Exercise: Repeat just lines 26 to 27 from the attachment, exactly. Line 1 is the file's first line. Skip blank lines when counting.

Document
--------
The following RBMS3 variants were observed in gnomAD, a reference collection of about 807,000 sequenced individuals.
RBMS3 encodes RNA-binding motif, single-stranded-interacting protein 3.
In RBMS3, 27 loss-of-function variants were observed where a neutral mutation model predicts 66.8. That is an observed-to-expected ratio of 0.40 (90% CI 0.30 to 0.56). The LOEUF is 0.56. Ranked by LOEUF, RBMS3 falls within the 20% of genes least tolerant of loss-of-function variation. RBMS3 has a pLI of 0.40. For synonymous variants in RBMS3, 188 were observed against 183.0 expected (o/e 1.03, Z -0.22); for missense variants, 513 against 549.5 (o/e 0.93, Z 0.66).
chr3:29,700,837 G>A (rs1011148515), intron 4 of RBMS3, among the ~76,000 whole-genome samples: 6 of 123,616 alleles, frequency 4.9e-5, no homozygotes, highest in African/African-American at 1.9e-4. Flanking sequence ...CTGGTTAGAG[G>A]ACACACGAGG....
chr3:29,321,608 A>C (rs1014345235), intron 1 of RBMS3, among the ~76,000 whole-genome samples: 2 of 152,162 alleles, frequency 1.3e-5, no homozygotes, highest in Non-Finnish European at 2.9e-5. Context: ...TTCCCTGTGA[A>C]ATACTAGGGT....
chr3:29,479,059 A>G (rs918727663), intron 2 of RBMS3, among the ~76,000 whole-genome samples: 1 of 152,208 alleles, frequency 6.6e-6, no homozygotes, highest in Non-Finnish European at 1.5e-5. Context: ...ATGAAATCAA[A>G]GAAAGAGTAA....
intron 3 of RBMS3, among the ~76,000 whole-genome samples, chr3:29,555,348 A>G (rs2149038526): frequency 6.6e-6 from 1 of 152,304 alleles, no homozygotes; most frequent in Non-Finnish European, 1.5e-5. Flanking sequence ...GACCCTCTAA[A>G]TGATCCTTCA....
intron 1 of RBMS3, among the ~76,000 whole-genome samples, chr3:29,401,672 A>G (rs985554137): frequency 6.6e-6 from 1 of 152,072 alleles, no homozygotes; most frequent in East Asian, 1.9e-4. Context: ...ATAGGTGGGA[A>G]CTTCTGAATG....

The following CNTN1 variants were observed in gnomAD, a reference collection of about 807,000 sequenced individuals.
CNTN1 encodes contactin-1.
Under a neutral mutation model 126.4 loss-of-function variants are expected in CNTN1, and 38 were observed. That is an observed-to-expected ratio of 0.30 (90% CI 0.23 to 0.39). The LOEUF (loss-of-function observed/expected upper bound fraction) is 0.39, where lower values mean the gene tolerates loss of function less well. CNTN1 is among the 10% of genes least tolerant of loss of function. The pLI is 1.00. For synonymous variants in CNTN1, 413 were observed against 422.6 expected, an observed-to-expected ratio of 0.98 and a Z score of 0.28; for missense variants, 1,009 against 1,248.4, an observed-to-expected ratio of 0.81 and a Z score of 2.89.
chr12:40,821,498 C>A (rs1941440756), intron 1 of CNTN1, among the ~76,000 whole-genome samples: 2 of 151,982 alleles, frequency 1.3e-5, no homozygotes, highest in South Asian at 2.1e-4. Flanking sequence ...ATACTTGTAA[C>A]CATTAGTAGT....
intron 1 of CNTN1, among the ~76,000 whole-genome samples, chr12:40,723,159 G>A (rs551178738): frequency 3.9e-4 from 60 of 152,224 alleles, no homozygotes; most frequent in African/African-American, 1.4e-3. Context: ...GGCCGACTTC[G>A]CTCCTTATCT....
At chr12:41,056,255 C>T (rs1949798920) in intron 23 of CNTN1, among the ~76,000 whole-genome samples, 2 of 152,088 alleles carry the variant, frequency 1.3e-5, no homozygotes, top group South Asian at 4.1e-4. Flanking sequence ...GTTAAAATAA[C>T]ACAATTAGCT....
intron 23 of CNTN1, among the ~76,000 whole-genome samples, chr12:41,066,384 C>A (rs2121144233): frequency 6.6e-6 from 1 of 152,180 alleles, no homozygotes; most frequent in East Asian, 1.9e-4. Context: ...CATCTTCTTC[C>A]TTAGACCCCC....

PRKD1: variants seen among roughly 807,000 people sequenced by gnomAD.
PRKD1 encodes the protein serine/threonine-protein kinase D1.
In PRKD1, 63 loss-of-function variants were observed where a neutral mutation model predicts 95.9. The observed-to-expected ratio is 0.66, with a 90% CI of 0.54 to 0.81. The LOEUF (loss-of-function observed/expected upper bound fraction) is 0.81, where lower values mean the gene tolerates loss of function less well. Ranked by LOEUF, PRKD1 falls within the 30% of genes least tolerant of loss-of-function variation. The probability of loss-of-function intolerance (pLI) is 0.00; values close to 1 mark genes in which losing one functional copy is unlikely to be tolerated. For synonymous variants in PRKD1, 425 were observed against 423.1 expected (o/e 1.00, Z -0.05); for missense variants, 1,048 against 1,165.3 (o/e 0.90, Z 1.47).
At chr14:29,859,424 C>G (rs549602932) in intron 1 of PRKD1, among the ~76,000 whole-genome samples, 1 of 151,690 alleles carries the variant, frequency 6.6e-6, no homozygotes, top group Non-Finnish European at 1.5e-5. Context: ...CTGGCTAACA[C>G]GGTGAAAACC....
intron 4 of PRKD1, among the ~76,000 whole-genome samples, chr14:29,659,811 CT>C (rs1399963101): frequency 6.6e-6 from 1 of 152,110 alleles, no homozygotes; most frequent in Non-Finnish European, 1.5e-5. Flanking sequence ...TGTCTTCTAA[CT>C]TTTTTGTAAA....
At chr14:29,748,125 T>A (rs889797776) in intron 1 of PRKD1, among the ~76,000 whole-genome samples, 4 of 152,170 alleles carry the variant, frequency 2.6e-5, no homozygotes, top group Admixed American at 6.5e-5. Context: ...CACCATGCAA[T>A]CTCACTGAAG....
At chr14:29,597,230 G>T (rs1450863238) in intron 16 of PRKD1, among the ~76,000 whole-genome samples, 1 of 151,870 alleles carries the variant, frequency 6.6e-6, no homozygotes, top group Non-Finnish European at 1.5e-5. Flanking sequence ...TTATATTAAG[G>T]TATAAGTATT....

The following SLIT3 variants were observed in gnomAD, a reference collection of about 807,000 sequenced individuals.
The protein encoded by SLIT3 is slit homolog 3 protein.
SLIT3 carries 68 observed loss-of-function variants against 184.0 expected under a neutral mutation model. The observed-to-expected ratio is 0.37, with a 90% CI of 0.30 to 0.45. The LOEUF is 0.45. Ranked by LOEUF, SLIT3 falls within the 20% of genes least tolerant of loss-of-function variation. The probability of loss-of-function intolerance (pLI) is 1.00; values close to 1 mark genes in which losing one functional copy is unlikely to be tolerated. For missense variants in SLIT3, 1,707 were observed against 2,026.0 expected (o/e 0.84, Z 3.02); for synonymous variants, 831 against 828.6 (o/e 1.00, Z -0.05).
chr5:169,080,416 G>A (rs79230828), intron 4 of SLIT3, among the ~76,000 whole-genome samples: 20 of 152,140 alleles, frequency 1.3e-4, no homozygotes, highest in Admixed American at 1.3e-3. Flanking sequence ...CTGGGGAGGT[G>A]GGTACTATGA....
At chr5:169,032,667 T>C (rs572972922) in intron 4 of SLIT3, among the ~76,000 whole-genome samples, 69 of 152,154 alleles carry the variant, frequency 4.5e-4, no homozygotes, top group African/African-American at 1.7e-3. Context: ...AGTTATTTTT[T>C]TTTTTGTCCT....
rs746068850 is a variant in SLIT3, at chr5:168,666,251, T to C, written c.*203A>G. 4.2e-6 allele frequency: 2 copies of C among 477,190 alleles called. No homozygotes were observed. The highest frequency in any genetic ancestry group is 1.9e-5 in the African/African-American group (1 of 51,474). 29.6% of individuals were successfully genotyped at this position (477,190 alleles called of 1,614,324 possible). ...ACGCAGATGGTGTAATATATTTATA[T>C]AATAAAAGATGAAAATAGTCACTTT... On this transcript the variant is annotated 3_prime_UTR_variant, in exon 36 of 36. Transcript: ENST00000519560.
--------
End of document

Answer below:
chr5:169,080,416 G>A (rs79230828), intron 4 of SLIT3, among the ~76,000 whole-genome samples: 20 of 152,140 alleles, frequency 1.3e-4, no homozygotes, highest in Admixed American at 1.3e-3. Flanking sequence ...CTGGGGAGGT[G>A]GGTACTATGA....
At chr5:169,032,667 T>C (rs572972922) in intron 4 of SLIT3, among the ~76,000 whole-genome samples, 69 of 152,154 alleles carry the variant, frequency 4.5e-4, no homozygotes, top group African/African-American at 1.7e-3. Context: ...AGTTATTTTT[T>C]TTTTTGTCCT....